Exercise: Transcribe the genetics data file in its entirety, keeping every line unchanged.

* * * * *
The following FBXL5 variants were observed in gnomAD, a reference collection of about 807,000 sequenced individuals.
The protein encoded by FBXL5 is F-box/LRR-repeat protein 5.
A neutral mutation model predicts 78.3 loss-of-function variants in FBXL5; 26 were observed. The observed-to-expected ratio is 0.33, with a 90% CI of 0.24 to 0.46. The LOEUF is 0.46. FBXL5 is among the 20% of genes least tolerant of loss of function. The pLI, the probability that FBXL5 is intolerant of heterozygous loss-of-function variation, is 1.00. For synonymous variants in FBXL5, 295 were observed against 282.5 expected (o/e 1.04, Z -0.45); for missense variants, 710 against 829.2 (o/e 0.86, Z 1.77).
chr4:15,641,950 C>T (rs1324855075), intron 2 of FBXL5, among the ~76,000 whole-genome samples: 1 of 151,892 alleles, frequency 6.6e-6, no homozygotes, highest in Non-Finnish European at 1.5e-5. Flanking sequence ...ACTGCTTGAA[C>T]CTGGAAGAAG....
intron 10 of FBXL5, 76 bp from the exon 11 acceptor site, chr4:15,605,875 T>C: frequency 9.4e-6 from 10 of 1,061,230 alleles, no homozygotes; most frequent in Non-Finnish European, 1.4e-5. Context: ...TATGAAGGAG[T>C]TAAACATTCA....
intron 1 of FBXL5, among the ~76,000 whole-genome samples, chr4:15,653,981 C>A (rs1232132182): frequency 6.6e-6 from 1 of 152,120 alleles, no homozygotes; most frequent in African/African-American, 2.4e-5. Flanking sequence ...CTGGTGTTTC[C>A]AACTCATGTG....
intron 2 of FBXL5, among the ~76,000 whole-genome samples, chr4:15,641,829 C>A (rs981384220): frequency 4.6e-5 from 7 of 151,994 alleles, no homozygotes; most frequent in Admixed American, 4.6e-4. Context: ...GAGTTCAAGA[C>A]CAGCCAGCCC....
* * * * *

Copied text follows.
The following FBXL5 variants were observed in gnomAD, a reference collection of about 807,000 sequenced individuals.
The protein encoded by FBXL5 is F-box/LRR-repeat protein 5.
A neutral mutation model predicts 78.3 loss-of-function variants in FBXL5; 26 were observed. The observed-to-expected ratio is 0.33, with a 90% CI of 0.24 to 0.46. The LOEUF is 0.46. FBXL5 is among the 20% of genes least tolerant of loss of function. The pLI, the probability that FBXL5 is intolerant of heterozygous loss-of-function variation, is 1.00. For synonymous variants in FBXL5, 295 were observed against 282.5 expected (o/e 1.04, Z -0.45); for missense variants, 710 against 829.2 (o/e 0.86, Z 1.77).
chr4:15,641,950 C>T (rs1324855075), intron 2 of FBXL5, among the ~76,000 whole-genome samples: 1 of 151,892 alleles, frequency 6.6e-6, no homozygotes, highest in Non-Finnish European at 1.5e-5. Flanking sequence ...ACTGCTTGAA[C>T]CTGGAAGAAG....
intron 10 of FBXL5, 76 bp from the exon 11 acceptor site, chr4:15,605,875 T>C: frequency 9.4e-6 from 10 of 1,061,230 alleles, no homozygotes; most frequent in Non-Finnish European, 1.4e-5. Context: ...TATGAAGGAG[T>C]TAAACATTCA....
intron 1 of FBXL5, among the ~76,000 whole-genome samples, chr4:15,653,981 C>A (rs1232132182): frequency 6.6e-6 from 1 of 152,120 alleles, no homozygotes; most frequent in African/African-American, 2.4e-5. Flanking sequence ...CTGGTGTTTC[C>A]AACTCATGTG....
intron 2 of FBXL5, among the ~76,000 whole-genome samples, chr4:15,641,829 C>A (rs981384220): frequency 4.6e-5 from 7 of 151,994 alleles, no homozygotes; most frequent in Admixed American, 4.6e-4. Context: ...GAGTTCAAGA[C>A]CAGCCAGCCC....